About The Buzz: High Carbohydrate Intake Connected to Higher Risk of Mortality?

TheBUZZ High Carbohydrate Intake Connected to Higher Risk of Mortality?


New research observing 135,000 people from five (5) continents indicates that moderate fat intake and lower carbohydrate intake may reduce risk of death.


The Prospective Urban Rural Epidemiology (PURE) study is a large cohort study (cohort studies follow participants for years to collect valuable research information, instead of days, weeks or months) spanning 18 countries with an average follow-up of 7.5 years. The study assessed the relationship between macronutrients – carbohydrates, fat and protein – and risk of mortality and cardiovascular disease.

Participants were between ages 35-70 years and from the following countries: Canada, Sweden, United Arab Emirates (high-income), Argentina, Brazil, Chile, China, Columbia, Iran, Malaysia, occupied Palestinian territory, Poland, South Africa, Turkey (middle-income), Bangladesh, India, Pakistan and Zimbabwe (low-income). Information on socioeconomic status (education, income, employment), lifestyle (smoking, physical activity and alcohol intake), health history, medication use and a physical assessment that included height, weight, hip circumference, and blood pressure were collected. To assess habitual food intake, participants completed country-specific food frequency questionnaires at the beginning of the study and were contacted annually to reassess health status and dietary intake.

In all regions except Africa, the most common cause of mortality was cancer, followed by respiratory disease. In Africa, infectious disease was the leading cause of death, followed by respiratory diseases. Carbohydrate intake was highest in China, south Asia and Africa, with 65% of south Asian participants consuming at least 60% of energy from carbohydrates and 33% consuming more than 70% from carbohydrates. Individuals from low- and middle-income countries consumed a very high carbohydrate diet, especially from highly refined sources, such as white bread and white rice.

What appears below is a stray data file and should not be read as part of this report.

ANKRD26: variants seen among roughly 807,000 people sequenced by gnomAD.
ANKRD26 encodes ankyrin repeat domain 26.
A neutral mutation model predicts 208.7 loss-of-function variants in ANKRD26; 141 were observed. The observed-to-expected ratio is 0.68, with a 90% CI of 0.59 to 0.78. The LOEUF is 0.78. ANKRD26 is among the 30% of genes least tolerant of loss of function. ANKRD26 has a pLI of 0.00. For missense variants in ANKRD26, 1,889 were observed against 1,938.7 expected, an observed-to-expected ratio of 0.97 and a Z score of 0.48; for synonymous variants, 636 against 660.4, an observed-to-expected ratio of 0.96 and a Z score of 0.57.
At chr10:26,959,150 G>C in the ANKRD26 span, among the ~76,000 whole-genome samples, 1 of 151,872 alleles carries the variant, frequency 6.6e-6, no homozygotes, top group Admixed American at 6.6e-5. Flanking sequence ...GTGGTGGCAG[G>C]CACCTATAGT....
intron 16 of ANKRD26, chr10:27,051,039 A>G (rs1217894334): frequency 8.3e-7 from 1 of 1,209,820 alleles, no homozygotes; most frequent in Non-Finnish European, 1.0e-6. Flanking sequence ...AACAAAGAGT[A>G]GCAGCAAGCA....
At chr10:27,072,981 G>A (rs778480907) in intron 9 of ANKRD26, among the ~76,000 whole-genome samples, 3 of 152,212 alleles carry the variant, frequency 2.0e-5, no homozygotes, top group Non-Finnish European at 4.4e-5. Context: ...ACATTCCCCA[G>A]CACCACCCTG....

Study results indicated that, in all countries, higher carbohydrate intake (more than 60% of total daily energy) was associated with higher risk of death overall, but not with cardiovascular disease, heart attack, stroke and cardiovascular disease death. Higher fat intake was associated with a lower risk of death, non-cardiovascular disease mortality and stroke. In fact, by replacing carbohydrates with saturated fatty acids, participants reduced their risk of stroke by 20%.


Every day in the United States 2,200 Americans die from cardiovascular disease, an average of one (1) death every 40 seconds.2 Those numbers translate to 800,000 deaths per year – more than the total deaths from all forms of cancer combined.2 Diet plays a major role in the development of cardiovascular diseases. The daily food choices we make have a huge impact on our current and long-term health. The good news is that improving diet and lifestyle may have a positive effect on your health. For example, by quitting smoking, a person can lower their blood pressure and heart rate and reduce their risk of heart attack within 24 hours.3

For decades, fat consumption has been frowned upon “based on the presumption that that replacing saturated fatty acids with carbohydrates and unsaturated fats would lower LDL (bad) cholesterol and therefore should reduce cardiovascular disease events.”1 In this study, researchers concluded that increasing total fat intake to about 35% of energy while also lowering carbohydrate intake might lower risk of death.


Since fruit, vegetables and legumes contain some carbohydrates, it can be easy to misunderstand how to decrease carbohydrates with dietary guidance. Consider swapping highly refined carbohydrates, such as white rice and white bread, for whole grain alternatives whenever possible.


1 Dehghan, Mahshid et al. “Associations of Fats and Carbohydrate Intake with Cardiovascular Disease and Mortality in 18 Countries from Five Continents (PURE): a Prospective Cohort Study.” The Lancet, Elsevier, 29 Aug. 2017. View
2 Benjamin, Emelia J et al. “Heart Disease and Stroke Statistics-2017 Update: A Report From the American Heart Association.” Circulation, American Heart Association, Inc., 1 Jan. 2017. View
3 “Benefits of Quitting.” Smokefree.gov, U.S. Department of Health and Human Services. View

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